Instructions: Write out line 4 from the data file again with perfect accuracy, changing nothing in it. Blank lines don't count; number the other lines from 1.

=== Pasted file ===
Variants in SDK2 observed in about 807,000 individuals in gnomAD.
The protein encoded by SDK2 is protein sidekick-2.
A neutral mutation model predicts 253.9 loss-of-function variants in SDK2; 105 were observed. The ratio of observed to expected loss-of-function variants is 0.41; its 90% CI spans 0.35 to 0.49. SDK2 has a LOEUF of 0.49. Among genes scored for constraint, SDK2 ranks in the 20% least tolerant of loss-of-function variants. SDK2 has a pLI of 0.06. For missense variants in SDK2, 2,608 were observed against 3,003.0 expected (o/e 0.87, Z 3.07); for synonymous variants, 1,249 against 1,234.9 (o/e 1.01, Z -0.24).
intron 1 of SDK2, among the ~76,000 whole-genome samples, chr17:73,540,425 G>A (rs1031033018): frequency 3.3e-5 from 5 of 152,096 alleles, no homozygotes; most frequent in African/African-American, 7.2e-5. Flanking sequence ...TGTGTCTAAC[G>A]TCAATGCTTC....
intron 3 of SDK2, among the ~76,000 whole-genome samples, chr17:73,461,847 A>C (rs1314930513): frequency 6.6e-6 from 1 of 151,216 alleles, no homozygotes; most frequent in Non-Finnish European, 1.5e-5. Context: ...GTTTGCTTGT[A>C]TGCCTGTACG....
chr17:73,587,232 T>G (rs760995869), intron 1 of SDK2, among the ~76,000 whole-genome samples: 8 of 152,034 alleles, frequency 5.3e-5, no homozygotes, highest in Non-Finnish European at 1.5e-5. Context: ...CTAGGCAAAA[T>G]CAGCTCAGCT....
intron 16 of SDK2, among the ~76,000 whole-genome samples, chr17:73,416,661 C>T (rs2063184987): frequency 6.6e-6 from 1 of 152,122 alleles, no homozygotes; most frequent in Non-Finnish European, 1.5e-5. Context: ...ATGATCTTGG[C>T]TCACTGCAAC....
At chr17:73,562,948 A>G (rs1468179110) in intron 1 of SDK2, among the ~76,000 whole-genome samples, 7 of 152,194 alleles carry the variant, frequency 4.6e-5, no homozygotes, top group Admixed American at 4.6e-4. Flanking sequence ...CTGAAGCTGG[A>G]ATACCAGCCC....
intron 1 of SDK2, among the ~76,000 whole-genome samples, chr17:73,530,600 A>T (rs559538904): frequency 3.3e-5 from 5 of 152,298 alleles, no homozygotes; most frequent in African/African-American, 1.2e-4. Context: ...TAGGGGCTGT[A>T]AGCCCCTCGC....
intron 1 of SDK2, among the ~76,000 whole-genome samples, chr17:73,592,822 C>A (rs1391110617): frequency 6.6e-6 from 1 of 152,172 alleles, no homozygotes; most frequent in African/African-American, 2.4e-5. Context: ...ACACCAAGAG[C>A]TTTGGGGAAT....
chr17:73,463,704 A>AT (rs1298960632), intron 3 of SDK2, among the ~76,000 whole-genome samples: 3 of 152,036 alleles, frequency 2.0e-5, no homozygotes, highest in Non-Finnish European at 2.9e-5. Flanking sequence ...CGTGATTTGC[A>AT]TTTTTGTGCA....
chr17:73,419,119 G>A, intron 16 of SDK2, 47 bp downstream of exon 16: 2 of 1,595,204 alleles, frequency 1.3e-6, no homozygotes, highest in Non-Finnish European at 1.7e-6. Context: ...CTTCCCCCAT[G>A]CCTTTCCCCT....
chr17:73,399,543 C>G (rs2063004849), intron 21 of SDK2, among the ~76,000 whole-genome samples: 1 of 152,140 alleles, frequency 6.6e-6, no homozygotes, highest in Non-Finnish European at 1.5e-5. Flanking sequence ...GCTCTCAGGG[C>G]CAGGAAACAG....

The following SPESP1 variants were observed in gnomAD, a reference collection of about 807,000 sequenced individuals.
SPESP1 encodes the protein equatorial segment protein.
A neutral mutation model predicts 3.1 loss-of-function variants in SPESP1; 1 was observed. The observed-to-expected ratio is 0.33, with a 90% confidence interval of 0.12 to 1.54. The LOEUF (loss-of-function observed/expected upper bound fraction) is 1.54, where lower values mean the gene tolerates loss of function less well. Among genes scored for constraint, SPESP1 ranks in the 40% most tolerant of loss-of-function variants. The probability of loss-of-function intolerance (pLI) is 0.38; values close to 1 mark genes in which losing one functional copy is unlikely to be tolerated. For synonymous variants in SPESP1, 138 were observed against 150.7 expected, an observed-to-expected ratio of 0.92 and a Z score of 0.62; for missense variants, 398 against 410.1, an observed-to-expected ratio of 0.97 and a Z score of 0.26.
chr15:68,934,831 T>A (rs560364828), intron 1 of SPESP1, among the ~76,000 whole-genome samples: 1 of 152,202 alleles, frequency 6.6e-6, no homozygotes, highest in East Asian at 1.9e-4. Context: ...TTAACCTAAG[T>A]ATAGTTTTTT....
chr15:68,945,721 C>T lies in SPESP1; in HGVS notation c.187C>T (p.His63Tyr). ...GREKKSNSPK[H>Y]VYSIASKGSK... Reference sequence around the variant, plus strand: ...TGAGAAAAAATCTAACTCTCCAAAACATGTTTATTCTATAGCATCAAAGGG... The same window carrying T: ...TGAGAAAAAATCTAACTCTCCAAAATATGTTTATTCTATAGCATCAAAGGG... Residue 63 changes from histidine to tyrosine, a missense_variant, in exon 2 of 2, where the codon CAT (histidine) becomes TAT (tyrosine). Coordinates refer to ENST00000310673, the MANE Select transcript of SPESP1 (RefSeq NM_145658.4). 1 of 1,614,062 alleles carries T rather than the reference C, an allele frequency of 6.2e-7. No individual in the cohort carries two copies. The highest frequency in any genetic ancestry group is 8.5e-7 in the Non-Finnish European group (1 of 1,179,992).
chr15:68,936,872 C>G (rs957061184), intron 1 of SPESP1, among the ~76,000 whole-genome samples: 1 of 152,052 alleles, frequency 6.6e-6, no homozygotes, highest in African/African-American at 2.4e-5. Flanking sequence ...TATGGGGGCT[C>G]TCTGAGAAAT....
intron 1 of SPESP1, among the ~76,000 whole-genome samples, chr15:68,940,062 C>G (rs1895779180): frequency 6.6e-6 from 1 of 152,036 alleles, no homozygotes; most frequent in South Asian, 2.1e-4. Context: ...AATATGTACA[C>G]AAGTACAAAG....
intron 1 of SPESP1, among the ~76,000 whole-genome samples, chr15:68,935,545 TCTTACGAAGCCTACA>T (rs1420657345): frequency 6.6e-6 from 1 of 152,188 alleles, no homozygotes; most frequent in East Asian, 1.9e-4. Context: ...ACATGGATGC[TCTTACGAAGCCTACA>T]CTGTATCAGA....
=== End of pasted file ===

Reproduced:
intron 1 of SDK2, among the ~76,000 whole-genome samples, chr17:73,540,425 G>A (rs1031033018): frequency 3.3e-5 from 5 of 152,096 alleles, no homozygotes; most frequent in African/African-American, 7.2e-5. Flanking sequence ...TGTGTCTAAC[G>A]TCAATGCTTC....